Syrian President Bashar al-Assad visits the central mosque in Aleppo for Eid al-Adha prayers on 9 July 2022, during his first visit to the city since its liberation by Syrian forces in late 2016. (Photo credit: SANA)
On 8 July, Syrian President Bashar al-Assad visited the city of Aleppo for the first time since the onset of the western-backed war in 2011.
President Assad toured the Aleppo thermal power plant, which is currently being repaired and tested with the help of Iranian turbine engineering and manufacturing company, Mapna.
On the morning of 9 July, the Syrian president joined the congregational Islamic prayer for Eid al-Adha at the Sahabiy Abdallah bin Abbas Mosque in Aleppo.
The visit of the Syrian president coincides with the reinforcement of the Syrian–Turkish border with heavy weapons and troops from the Syrian Arab Army (SAA), in anticipation of a planned Turkish military invasion.
The border reinforcement is being done in coordination with the US-backed Syrian Democratic Forces (SDF), a Kurdish militant group that is at odds with Turkey.
These latest developments are considered a show of strength from Damascus, as the government seeks to re-assert its national sovereignty.
The liberation of Aleppo in 2016 was the turning point in the foreign-backed war against Syria.
In 2012, various Al-Qaeda linked rebels, including the Free Syrian Army (FSA) and Jabhat al-Nusra, now known as Hayat Tahrir al-Sham (HTS), captured the eastern part of the city and occupied it for several years.
Fighting between government forces and Al-Qaeda-linked militants continued until late 2016, when the SAA and its allies made the final push, leading to the SAA declaring complete control of the city on 22 December 2016.
Various human rights NGOs alleged that the SAA and allies committed war crimes during the liberation of the city.
However, the ‘impartiality’ of these groups was questioned due to their covert association with armed militant groups that were occupying eastern Aleppo.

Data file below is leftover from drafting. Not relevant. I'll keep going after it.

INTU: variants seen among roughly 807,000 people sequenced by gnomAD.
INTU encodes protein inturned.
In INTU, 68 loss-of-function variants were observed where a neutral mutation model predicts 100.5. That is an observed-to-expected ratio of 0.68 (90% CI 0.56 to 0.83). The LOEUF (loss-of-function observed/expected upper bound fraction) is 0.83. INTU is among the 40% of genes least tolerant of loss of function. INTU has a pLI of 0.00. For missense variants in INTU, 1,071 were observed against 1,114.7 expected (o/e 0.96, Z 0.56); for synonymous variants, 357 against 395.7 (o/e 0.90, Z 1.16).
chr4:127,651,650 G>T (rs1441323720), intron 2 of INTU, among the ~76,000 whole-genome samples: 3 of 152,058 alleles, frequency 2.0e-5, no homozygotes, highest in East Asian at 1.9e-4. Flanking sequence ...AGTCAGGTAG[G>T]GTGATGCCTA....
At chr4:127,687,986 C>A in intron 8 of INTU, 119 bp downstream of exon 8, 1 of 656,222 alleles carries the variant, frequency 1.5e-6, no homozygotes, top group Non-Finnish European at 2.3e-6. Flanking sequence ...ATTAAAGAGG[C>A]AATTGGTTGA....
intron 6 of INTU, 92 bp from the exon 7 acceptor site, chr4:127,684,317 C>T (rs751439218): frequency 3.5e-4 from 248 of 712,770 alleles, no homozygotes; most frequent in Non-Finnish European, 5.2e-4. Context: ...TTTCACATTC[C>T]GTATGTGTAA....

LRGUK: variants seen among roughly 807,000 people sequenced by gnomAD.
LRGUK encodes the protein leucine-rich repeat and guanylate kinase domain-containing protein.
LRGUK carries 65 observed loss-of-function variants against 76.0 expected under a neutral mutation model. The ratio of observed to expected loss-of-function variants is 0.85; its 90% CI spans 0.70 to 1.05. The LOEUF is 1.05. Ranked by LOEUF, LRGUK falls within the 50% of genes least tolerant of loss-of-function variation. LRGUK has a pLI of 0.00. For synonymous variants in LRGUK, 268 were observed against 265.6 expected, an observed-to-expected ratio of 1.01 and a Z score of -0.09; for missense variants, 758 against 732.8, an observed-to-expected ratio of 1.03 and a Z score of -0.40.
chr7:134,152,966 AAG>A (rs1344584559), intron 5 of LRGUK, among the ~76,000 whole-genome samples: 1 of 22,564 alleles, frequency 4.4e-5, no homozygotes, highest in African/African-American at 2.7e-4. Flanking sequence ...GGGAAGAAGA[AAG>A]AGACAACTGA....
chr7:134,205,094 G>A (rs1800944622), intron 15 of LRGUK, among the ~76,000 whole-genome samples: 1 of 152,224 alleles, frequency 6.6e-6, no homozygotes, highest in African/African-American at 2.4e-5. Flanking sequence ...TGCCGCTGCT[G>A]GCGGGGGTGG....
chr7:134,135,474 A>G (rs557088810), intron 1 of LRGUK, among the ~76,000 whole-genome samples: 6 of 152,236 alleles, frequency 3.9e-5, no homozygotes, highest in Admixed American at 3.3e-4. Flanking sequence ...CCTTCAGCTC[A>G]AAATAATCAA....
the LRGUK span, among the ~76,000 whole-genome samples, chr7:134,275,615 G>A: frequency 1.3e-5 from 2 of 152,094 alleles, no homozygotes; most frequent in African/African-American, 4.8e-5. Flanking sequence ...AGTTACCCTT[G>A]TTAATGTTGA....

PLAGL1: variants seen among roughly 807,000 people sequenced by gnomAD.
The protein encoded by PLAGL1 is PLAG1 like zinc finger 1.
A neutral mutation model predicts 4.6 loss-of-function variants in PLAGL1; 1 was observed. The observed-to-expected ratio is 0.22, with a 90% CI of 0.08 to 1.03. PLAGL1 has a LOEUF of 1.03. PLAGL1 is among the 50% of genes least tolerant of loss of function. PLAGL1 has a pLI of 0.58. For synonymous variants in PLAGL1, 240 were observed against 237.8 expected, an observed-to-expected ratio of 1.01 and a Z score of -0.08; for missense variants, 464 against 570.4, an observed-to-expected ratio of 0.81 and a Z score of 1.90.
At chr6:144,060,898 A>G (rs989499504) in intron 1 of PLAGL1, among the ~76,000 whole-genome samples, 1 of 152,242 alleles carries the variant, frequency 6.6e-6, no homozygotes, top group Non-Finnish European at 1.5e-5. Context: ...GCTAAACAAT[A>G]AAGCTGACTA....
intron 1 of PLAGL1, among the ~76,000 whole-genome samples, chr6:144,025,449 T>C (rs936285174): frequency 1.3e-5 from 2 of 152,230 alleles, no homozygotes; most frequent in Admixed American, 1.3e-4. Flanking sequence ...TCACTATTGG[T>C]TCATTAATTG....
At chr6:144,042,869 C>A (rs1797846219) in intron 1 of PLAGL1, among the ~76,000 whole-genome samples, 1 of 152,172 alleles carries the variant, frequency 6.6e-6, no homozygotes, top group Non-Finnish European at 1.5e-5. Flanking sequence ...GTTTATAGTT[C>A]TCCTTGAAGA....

Damascus began to stabilize its control over lost territories in the years since those revelations.
A new threat, however, has recently emerged from Ankara, with Turkey planning a military invasion into northern Syria under the pretext of establishing a buffer zone between the Turkish border and military positions held by the Kurdistan Workers Party (PKK).
The joint defense agreement between the SDF and SAA is part of a Russia-mediated plan to defend the country against Turkey’s planned invasion.
SAA military units in Raqqa and Aleppo were reinforced by Syrian military convoys arriving under the protection of Russian fighter jets.
On 28 June, Turkish occupation forces and allied armed groups launched rocket and artillery shells on residential areas in Aleppo, Syria, threatening the city that has been slowly been returning to life since 2016.
In an exclusive interview with Russia’s Sputnik news agency on 27 June, Syrian Foreign Minister Faisal Mikdad said that Turkey is attempting to create a demographic change in these areas, to make way for the construction of illegal settlements.
“Turkish practices in Syria,” Mikdad continued to say, “are a blatant example of disregard for minimum civilized and moral values, international law, and the Charter of the United Nations.”